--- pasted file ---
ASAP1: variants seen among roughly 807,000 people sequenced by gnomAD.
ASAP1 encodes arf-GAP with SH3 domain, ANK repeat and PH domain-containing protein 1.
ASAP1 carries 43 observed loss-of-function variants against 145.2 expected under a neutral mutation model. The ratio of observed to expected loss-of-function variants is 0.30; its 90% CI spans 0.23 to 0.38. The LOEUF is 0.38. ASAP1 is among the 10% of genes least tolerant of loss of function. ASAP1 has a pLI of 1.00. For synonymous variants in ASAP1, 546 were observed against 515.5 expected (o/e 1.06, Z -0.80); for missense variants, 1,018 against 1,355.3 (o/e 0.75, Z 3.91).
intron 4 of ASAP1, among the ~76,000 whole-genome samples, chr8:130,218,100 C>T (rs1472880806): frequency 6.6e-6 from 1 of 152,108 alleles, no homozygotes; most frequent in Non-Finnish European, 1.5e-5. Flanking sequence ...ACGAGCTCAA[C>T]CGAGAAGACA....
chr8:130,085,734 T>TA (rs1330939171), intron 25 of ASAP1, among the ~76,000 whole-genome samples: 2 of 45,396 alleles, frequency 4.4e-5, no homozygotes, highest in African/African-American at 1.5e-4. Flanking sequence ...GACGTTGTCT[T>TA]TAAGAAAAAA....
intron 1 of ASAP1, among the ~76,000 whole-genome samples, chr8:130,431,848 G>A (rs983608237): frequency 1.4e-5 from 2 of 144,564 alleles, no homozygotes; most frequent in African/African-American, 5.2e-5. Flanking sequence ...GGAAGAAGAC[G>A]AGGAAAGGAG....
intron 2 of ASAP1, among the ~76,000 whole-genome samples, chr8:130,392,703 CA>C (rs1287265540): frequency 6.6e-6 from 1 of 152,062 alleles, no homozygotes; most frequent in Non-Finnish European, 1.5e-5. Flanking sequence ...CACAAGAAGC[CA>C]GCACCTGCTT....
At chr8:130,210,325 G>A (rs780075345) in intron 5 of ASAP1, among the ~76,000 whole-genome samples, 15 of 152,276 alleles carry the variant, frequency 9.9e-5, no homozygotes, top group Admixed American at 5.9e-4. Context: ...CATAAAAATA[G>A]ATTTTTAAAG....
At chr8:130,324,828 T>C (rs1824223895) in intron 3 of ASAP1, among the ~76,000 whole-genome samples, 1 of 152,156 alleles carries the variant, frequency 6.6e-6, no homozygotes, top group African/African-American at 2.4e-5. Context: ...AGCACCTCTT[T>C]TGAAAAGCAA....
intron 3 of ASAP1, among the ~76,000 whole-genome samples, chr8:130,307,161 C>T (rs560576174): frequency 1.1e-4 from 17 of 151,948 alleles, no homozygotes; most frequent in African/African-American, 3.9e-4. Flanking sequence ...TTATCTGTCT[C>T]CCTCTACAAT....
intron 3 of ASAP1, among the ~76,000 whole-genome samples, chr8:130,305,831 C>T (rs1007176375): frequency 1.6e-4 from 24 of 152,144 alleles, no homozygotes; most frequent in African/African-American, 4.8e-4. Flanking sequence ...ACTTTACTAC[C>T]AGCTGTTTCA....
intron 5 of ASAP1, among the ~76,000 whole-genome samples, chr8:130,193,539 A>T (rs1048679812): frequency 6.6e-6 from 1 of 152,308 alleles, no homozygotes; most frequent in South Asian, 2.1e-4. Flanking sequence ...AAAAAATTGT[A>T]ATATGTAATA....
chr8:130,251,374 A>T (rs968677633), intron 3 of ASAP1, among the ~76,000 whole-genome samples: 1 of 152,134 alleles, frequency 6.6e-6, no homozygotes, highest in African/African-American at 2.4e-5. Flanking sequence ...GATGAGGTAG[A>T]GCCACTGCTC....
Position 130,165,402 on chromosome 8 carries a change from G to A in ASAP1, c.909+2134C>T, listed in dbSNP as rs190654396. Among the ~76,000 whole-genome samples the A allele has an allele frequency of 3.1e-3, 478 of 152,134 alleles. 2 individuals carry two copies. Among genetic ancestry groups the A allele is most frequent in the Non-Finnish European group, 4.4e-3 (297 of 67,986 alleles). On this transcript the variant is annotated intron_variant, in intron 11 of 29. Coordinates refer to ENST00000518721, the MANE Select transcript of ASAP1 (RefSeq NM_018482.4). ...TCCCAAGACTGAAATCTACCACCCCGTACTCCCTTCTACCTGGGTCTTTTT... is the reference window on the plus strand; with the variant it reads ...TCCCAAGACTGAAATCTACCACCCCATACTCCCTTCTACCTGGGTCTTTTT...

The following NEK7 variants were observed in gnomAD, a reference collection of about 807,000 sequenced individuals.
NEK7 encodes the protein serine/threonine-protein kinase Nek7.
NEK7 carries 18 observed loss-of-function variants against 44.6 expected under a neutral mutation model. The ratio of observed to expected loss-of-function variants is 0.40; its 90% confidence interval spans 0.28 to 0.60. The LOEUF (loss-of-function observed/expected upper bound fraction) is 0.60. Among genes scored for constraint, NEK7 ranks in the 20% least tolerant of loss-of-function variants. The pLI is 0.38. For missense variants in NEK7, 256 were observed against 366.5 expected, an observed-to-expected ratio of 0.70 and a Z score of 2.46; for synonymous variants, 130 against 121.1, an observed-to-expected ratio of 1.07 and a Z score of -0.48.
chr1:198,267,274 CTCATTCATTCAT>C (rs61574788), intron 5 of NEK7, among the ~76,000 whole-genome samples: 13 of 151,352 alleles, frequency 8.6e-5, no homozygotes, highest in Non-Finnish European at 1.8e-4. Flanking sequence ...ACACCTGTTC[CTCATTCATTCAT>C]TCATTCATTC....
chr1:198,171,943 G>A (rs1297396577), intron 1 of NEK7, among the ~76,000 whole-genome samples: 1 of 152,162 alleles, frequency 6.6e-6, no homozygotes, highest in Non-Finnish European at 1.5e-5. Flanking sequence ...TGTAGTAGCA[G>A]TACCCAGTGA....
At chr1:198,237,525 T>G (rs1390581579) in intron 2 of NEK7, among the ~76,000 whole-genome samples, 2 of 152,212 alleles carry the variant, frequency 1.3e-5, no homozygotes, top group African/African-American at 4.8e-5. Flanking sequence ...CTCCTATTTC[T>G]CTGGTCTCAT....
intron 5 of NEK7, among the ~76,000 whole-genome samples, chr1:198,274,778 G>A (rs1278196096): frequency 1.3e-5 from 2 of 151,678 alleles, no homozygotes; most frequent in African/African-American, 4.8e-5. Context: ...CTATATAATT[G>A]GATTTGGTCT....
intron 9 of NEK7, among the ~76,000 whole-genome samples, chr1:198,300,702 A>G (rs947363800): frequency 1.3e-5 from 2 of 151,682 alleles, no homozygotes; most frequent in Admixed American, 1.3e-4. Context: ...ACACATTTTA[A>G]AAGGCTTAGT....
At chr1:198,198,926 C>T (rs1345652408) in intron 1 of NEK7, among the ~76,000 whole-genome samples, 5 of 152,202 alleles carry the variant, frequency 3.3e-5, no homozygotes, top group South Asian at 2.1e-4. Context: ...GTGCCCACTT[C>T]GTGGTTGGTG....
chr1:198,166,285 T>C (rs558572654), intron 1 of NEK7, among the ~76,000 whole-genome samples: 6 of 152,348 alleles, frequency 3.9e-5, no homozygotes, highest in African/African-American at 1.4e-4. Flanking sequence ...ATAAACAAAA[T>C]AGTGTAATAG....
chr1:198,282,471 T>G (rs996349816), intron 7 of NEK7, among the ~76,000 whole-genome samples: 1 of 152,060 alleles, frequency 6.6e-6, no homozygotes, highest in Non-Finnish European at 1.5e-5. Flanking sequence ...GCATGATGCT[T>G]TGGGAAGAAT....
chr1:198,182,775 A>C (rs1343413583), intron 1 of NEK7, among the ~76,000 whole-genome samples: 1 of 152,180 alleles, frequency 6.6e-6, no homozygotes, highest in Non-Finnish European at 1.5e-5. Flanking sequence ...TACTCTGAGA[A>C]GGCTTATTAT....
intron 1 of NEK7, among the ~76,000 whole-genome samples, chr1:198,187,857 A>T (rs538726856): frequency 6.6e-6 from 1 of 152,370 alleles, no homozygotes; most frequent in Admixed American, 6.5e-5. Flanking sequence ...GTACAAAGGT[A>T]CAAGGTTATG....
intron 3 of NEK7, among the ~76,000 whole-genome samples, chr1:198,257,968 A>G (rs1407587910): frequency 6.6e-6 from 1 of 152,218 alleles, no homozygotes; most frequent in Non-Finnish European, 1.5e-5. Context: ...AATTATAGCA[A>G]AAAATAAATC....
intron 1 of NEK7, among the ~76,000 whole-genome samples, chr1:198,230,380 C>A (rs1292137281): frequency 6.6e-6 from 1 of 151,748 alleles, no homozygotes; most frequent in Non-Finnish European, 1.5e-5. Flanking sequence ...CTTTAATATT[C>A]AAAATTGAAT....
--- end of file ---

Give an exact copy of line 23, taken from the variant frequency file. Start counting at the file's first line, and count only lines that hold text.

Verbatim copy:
At chr1:198,198,926 C>T (rs1345652408) in intron 1 of NEK7, among the ~76,000 whole-genome samples, 5 of 152,202 alleles carry the variant, frequency 3.3e-5, no homozygotes, top group South Asian at 2.1e-4. Context: ...GTGCCCACTT[C>T]GTGGTTGGTG....